As Democrats, Republicans, Fascists, Communists, we are all on one level. That is one of the reasons why we wage war so beautifully. We defend with our lives the petty principles that divide us. The common principle, which is the establishment of the empire of man on earth, we never lift a finger to defend. We are frightened of any urge which would lift us out of the muck. We fight only for the status quo, our particular status quo. We battle with heads down and eyes closed. Actually, there never is a status quo, except in the minds of political imbeciles. All is flux. Those who are on the defensive are fighting phantoms.... What is the greatest treason? To question what it is one may be fighting for. (p. 21)

Man in revolt against his own cloying nature - that is real war. And that is a bloodless war which goes on forever, under the peaceful name of evolution. (p. 22)

There are experiments which are made with cunning and precision, because the outcome is divined beforehand. The scientist, for example, always sets himself soluble problems. But man’s experiment is not of this order. The answer to the grand experiment is in the heart. We inhabit a mental world, a labyrinth in whose dark recesses a monster waits to devour us. Thus far we have been moving in mythological dream sequence, finding no solutions because we are posing the wrong questions. We find only what we look for, and we are looking in the wrong place. (p. 22)

… the toiling masses of humanity look with watery eyes to this Paradise where the worker rides to work in his own car… they want the lethal comforts, conveniences, luxuries. And they follow in our footsteps – blindly, heedlessly, recklessly. (p. 33)

The worst is in the process of becoming. It is inside us now. Only we haven’t brought it forth. (p. 42)

We tell the story as though man were an innocent victim, a helpless participant in the erratic and unpredictable revolutions of Nature. Perhaps in the past he was. But not any longer. Whatever happens to this earth today is of man’s doing. Man has demonstrated that he is master of everything – except his own nature. If yesterday he was a child of nature, today he is a responsible creature. He has reached a point of consciousness which permits him to lie to himself no longer. Destruction now is deliberate, voluntary, self-induced. We are at the node: we can go forward or relapse. We still have the power of choice. Tomorrow we may not. It is because we refuse to make that choice that we are ridden with guilt, all of us, those who are making war and those who are not. We are all filled with murder. We loathe one another. We hate what we look like when we look into one another’s eyes. (p. 175)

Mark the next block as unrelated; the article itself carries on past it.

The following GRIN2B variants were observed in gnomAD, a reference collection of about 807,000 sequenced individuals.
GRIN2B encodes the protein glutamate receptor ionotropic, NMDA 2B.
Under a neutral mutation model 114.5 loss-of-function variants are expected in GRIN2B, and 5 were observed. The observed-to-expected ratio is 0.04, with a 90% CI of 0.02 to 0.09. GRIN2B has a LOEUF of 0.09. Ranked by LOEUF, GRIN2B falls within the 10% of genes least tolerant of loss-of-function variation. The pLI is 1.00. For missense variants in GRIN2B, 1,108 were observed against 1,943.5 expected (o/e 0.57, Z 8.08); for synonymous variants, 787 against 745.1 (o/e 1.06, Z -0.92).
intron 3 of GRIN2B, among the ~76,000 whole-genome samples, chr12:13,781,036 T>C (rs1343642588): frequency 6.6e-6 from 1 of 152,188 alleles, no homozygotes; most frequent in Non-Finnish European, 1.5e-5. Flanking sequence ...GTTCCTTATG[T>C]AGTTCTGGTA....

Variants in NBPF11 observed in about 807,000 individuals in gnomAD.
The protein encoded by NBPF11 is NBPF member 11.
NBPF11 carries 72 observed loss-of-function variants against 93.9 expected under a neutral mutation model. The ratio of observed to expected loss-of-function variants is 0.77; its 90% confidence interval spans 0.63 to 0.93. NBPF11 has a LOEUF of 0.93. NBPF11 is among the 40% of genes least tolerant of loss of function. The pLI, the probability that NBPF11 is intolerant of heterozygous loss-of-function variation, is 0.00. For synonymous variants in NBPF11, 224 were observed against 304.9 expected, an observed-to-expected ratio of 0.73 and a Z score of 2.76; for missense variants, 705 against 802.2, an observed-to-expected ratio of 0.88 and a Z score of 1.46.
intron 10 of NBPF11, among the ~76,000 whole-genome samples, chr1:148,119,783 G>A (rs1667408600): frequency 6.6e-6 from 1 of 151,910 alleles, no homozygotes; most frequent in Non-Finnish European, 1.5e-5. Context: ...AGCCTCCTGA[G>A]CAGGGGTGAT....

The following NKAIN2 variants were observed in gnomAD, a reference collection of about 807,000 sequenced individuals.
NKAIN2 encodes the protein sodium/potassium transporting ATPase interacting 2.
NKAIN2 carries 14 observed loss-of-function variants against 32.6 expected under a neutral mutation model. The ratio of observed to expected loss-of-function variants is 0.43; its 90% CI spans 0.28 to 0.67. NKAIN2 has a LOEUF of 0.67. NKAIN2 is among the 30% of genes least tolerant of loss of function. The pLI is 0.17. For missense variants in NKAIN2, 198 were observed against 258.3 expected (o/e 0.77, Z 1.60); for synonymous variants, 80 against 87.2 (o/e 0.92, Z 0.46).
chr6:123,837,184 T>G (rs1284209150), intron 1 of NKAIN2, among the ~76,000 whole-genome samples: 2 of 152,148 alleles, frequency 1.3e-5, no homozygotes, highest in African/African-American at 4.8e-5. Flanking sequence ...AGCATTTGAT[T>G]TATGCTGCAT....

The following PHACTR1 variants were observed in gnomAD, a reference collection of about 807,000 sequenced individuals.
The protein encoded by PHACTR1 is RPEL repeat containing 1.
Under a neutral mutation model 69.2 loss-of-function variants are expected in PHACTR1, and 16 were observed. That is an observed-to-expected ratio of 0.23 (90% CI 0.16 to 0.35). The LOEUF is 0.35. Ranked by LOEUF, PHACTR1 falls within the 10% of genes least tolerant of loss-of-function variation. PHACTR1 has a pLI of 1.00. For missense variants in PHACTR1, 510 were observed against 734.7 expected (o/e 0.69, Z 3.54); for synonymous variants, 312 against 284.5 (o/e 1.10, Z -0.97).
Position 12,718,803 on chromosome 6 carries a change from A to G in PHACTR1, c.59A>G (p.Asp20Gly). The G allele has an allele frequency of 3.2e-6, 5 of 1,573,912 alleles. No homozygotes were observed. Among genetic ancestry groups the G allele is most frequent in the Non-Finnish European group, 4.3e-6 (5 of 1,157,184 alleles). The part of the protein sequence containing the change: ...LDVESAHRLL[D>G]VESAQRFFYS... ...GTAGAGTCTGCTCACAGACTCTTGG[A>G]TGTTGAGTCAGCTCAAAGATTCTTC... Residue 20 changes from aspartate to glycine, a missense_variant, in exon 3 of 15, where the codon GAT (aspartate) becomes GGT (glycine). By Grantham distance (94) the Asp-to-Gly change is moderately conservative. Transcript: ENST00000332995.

Why is it that in America the great works of art are all Nature’s doing? There were skyscrapers, to be sure, and dams and bridges and concrete highways. All utilitarian. Nowhere in America was there anything comparable to the cathedrals of Europe, the temples of Asia and Egypt - enduring monuments carved out of faith and love and passion. No exaltation, no fervor, no zeal - except to increase business, facilitate transportation, enlarge the domain of ruthless exploitation. The result? A swiftly decaying people, almost a third of them pauperized, the more intelligent and affluent ones practicing race suicide, the underdogs becoming more and more unruly, more criminal-minded, more degenerate and degraded in every way.

The men of the future will look upon the relics of this age as we now look upon the artifacts of the Stone Age. We are mental dinosaurs. We lumber along heavy-footed, dull-witted, unimaginative amidst miracles to which we are impervious. All our inventions and discoveries lead to annihilation. (p. 228)

Other passages from The Air-Conditioned Nightmare resonate for millions of expatriates and migrants who have experienced being uprooted and feeling alienated wherever they find themselves. We want to speak about the world as citizens of it, not as representatives of governments or stale cultural molds and stereotypes. We who live in the aftermath of the Fukushima Daiichi disaster want to speak about it, and want Japanese to speak about it, as a problem of humanity.